Juice May Slow Prostate Cancer Growth (with recipe)

Prostate cancer will claim the lives of an estimated 30,000 men in the United States this year. The second leading cause of cancer death in men, its incidence climbs with age. In Western countries, the disease is reaching nearly epidemic proportions among the elderly. However, the cancer can grow so slowly that many men with prostate cancer will die of something else first.

FRUIT OR JUICE? Men in the new study drank a commercially marketed brand of juice, POM Wonderful—Wonderful being the name of this California-grown cultivated variety. Although the juicy fruit that surrounds each seed is rich in antioxidants, the commercial juice contains even more, the manufacturer notes, because it’s made by crushing the whole fruit. This collects antioxidants also present in the rind and membrane. POM Wonderful
ESKIMO KISS. That’s the name of this apple cider–based, spiced pomegranate drink. Recipes for the drink, an alternative to conventional warm mulled cider, are available online at . POM Wonderful
POMEGRANATES AND EGGPLANT. This recipe shows how pomegranates can be used to dress up the flavor and eye appeal of a bland entrée. POM Wonderful

A mystery has always been what factors might improve a man’s odds of having a slow-growing malignancy. A new study suggests that drinking pomegranate juice might be one of them.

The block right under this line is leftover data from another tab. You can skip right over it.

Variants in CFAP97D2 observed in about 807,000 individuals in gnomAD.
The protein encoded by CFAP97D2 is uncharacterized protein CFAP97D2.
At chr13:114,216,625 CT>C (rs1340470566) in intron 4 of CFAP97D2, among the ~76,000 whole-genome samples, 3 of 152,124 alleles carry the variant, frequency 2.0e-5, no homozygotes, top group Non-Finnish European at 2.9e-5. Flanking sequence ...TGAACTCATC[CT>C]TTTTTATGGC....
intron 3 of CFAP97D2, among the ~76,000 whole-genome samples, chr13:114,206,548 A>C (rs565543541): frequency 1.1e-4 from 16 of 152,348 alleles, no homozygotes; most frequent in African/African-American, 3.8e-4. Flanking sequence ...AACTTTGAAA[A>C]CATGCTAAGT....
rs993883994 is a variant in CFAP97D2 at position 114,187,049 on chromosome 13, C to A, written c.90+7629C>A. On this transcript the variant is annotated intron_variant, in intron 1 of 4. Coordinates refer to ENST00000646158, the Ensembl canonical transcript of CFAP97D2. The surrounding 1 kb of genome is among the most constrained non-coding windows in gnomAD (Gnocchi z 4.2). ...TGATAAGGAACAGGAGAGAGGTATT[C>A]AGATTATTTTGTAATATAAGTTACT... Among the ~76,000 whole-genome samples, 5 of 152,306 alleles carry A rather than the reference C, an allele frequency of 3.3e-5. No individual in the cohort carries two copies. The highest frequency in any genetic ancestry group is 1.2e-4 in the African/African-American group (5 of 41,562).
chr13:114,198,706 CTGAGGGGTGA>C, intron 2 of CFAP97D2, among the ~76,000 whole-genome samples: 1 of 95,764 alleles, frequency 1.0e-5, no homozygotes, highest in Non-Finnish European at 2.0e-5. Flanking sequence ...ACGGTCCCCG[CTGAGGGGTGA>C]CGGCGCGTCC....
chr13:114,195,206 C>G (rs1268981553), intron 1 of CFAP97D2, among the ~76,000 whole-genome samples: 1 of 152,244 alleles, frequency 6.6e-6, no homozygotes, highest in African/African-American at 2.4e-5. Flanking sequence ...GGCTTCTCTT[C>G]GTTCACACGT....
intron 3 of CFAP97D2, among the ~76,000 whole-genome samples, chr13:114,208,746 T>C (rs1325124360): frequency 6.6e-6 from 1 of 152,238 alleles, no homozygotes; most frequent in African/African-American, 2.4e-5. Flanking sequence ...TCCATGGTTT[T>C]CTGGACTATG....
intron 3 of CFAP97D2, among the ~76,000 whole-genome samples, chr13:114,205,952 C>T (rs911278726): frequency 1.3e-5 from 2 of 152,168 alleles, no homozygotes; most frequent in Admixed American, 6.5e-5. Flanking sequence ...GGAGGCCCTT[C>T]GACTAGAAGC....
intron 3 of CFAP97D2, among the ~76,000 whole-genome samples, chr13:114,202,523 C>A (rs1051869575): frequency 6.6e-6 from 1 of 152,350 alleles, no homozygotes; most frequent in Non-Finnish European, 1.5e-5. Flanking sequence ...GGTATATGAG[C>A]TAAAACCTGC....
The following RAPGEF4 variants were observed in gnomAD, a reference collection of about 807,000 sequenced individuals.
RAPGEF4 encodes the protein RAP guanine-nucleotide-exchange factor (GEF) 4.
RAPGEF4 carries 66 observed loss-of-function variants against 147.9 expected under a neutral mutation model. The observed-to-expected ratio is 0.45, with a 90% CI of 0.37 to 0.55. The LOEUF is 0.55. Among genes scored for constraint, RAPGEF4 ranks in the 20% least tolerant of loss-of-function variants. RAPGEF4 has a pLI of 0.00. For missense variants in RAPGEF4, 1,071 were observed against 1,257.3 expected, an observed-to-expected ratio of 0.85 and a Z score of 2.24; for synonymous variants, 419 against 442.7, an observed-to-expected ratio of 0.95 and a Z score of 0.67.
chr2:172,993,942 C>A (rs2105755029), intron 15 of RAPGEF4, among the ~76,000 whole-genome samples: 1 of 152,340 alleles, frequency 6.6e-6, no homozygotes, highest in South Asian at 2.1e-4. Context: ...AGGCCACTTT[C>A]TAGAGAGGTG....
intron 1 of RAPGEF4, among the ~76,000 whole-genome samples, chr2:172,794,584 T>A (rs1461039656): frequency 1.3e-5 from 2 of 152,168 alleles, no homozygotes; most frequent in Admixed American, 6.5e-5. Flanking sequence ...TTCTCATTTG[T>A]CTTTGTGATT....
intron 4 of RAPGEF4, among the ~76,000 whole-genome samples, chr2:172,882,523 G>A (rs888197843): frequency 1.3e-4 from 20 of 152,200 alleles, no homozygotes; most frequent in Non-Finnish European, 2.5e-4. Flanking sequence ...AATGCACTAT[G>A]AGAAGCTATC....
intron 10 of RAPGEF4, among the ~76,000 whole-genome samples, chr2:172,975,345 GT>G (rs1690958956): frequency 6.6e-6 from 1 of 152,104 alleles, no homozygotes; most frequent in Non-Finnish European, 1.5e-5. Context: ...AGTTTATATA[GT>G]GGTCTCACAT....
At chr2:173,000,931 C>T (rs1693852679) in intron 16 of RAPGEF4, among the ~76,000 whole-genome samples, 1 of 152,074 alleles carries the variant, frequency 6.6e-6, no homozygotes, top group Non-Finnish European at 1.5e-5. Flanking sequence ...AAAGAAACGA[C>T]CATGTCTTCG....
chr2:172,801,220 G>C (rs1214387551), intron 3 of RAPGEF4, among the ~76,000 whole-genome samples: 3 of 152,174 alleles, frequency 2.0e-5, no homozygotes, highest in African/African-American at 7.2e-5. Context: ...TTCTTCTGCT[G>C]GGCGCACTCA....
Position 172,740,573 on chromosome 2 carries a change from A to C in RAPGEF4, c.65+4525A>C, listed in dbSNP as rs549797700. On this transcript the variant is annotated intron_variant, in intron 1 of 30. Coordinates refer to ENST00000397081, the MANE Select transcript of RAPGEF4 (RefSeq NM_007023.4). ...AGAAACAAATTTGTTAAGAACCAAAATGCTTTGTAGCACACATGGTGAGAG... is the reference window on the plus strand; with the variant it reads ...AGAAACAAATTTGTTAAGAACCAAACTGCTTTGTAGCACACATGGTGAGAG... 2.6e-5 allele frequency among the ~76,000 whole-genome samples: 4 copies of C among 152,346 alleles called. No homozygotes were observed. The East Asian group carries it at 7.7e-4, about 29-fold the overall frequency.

Several studies have associated diets high in plant-derived polyphenols—principally, the deeply pigmented antioxidants in many fruits and vegetables—with lower risks of malignancies including prostate cancer. Because the blood-red juice of pomegranates is especially rich in such compounds, Allan J. Pantuck of the David Geffen School of Medicine at the University of California, Los Angeles and his colleagues decided to test it against metastatic prostate cancer. These are malignancies that have spread beyond the gland, which in these men had been removed or destroyed, along with tumors, by radiation.

Over time, the presence of these residual cancer cells was confirmed by rising concentrations of a protein in the men’s blood: prostate-specific antigen (PSA). Because PSA is made by prostate cells—usually cancerous ones—and because these men no longer had intact prostates, the presence of the substance indicated that cancerous prostate cells continued to exist in the men’s’ bodies, Pantuck explains.

The researchers calculated that the men’s average doubling time in PSA concentrations—a rough gauge of cancer growth—was 15 months. After men drank a glass of juice a day, their average doubling time more than tripled. In nearly one-third of men, Pantuck notes, PSA values actually fell—in a few cases, dramatically.

Although this is just one study and the juice showed no sign of curing the disease, Pantuck says it shows that pomegranate juice might be a beneficial adjunct to other therapies in men with this potentially lethal disease.

A glass a day

Last fall, researchers at the University of Wisconsin–Madison reported related laboratory data. They incubated cells from an aggressive form of prostate cancer with pomegranate-fruit extract. The higher the concentration of the extract the greater the inhibition of the cancer cells’ growth, notes team leader Hasan Mukhtar.